Symantec’s Blue Coat security firm recently announced some worrying trends regarding the use of SSL by malware. Specifically, the company discovered two major trends.
To start, the number of malware samples increased to more than 29,000 in November and December 2015, up from only 500 per month before October 2015. Additionally, the number of C&C servers using SSL increased to 200,000 per quarter in Q3 2016, up from 1,000 in Q1 2015.
Huge Spike in Malware Samples Using SSL
Blue Coat noted that it had discovered a significant jump in SSL deployment since the end of 2015. The firm studied data from the SSL Blacklist site, which monitors bad SSL certificates often used by cybercriminals.
Malware such as Dridex, Gozi, Tinba, Gootkit, CryptoWall, CryptoLocker, TeslaCrypt, URLZone and Shylock are known to use SSL to protect their operations from observation or detection.
Blue Coat explained that, starting in October 2015, the malware families known to utilize SSL saw a “rapid and dramatic surge in distribution and usage.” The firm posited that the spike, which coincided with the holiday season, may have been due to the launch of several large-scale cybercrime campaigns with infrastructure based on those malware families.
The trend, according to Blue Coat, exemplifies the widespread use of SSL/TLS as an obfuscation technique, “making the threat even more relevant than ever.”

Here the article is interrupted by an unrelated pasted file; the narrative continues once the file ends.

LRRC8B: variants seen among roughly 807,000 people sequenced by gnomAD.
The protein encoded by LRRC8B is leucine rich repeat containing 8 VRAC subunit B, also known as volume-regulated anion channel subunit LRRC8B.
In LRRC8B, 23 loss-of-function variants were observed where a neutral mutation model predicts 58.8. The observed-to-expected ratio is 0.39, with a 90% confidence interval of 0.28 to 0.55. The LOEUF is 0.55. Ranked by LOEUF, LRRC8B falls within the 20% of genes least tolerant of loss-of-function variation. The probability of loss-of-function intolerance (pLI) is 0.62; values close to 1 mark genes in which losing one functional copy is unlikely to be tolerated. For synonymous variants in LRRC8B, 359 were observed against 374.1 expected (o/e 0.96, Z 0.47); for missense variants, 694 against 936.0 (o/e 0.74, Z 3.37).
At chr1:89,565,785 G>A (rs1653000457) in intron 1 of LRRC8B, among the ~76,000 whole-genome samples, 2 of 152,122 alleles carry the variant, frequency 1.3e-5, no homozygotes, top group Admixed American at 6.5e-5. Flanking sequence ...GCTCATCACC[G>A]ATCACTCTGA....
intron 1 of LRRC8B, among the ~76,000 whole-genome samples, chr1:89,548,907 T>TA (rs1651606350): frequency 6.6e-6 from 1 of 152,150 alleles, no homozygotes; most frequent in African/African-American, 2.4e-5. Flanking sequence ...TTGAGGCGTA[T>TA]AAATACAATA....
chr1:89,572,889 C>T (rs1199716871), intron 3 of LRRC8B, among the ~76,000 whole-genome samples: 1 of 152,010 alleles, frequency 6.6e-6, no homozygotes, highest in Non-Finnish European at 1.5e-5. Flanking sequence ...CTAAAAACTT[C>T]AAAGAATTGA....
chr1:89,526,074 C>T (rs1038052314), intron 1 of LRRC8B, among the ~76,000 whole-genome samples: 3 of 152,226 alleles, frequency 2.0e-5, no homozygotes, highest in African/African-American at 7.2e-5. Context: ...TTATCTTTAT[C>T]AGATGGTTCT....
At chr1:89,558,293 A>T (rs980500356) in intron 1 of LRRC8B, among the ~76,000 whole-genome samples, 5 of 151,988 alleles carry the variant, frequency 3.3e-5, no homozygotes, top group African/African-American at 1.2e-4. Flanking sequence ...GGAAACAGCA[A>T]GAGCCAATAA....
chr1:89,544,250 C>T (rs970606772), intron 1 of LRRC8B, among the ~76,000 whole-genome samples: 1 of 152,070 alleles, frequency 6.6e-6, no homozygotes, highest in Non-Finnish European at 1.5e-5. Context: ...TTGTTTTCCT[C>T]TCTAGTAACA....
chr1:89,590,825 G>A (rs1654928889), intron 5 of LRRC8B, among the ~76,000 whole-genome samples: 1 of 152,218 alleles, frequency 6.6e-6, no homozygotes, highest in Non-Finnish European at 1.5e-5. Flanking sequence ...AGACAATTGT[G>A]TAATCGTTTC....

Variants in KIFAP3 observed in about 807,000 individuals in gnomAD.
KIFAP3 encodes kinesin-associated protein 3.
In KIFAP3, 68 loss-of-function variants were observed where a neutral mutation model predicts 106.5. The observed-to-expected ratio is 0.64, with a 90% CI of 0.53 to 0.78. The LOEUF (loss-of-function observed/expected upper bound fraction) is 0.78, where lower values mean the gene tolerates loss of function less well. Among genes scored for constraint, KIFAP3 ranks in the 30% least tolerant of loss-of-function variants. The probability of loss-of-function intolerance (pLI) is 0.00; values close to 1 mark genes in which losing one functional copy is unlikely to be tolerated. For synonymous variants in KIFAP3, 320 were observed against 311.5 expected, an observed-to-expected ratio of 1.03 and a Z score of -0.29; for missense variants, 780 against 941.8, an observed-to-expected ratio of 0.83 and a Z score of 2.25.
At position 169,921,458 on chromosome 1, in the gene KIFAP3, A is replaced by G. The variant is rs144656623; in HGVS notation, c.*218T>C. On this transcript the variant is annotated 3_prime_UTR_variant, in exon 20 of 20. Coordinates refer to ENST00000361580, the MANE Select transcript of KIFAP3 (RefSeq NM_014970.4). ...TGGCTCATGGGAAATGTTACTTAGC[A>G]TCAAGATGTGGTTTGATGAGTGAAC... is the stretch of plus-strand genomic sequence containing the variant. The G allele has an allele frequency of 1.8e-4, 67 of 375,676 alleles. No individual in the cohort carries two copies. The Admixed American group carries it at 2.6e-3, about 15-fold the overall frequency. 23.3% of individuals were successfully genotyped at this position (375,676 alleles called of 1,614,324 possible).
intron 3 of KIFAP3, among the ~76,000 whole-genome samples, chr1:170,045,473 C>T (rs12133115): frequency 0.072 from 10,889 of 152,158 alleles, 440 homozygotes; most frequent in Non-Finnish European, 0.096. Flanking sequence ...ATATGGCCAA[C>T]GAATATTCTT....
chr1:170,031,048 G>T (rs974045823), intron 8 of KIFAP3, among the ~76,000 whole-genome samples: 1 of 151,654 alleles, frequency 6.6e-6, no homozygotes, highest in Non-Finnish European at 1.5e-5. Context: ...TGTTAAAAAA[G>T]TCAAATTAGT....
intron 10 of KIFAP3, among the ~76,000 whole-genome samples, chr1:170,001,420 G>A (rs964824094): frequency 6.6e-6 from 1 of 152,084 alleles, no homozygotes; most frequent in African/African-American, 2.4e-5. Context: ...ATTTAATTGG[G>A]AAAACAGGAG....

Cybercriminals Get Proactive
During the same time frame as the increase in SSL C&C servers — January 2014 through December 2015 — the firm found that overall monthly malware occurrences were roughly stable, with just a slight upward trend. Comparing the two, Blue Coat found no single large-scale trend of rising malware use that would account for the growth in the SSL C&C method.
The firm also noted the timing of the increase in C&C servers came earlier than the appearance of associated malware, Softpedia stated. This is consistent with the idea of the bad guys building up a C&C framework in advance of launching a campaign for the holiday season. Indeed, the massive jump in C&C servers can be attributed to the malware utilizing domain generating algorithms (DGA) for short-living domains to build out a C&C infrastructure.
Whatever the reasons for this spread of this technique, however, malware is adopting SSL cloaking at an alarmingly high rate.